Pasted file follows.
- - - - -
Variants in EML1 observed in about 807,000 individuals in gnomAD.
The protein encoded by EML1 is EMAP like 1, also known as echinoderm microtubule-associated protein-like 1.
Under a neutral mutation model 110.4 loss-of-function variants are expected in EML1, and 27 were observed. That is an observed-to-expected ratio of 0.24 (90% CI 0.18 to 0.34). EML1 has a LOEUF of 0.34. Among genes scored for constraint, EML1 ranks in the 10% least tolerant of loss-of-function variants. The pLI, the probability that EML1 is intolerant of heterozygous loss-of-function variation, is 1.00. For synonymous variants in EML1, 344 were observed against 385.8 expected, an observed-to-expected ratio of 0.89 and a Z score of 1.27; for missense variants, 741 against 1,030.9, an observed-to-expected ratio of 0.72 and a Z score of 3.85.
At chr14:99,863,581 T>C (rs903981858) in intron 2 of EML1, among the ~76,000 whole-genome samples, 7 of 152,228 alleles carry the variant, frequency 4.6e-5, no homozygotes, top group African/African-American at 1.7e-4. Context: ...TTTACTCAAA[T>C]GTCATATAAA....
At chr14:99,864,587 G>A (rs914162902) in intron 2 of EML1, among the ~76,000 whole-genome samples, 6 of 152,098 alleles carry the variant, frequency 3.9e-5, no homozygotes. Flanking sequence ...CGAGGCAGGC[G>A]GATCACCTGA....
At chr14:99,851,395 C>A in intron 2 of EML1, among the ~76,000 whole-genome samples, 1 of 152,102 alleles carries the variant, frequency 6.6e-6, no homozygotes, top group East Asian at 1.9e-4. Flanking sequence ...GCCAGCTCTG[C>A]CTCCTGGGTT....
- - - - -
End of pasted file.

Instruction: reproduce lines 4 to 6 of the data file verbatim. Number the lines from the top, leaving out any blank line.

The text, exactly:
At chr14:99,863,581 T>C (rs903981858) in intron 2 of EML1, among the ~76,000 whole-genome samples, 7 of 152,228 alleles carry the variant, frequency 4.6e-5, no homozygotes, top group African/African-American at 1.7e-4. Context: ...TTTACTCAAA[T>C]GTCATATAAA....
At chr14:99,864,587 G>A (rs914162902) in intron 2 of EML1, among the ~76,000 whole-genome samples, 6 of 152,098 alleles carry the variant, frequency 3.9e-5, no homozygotes. Flanking sequence ...CGAGGCAGGC[G>A]GATCACCTGA....
At chr14:99,851,395 C>A in intron 2 of EML1, among the ~76,000 whole-genome samples, 1 of 152,102 alleles carries the variant, frequency 6.6e-6, no homozygotes, top group East Asian at 1.9e-4. Flanking sequence ...GCCAGCTCTG[C>A]CTCCTGGGTT....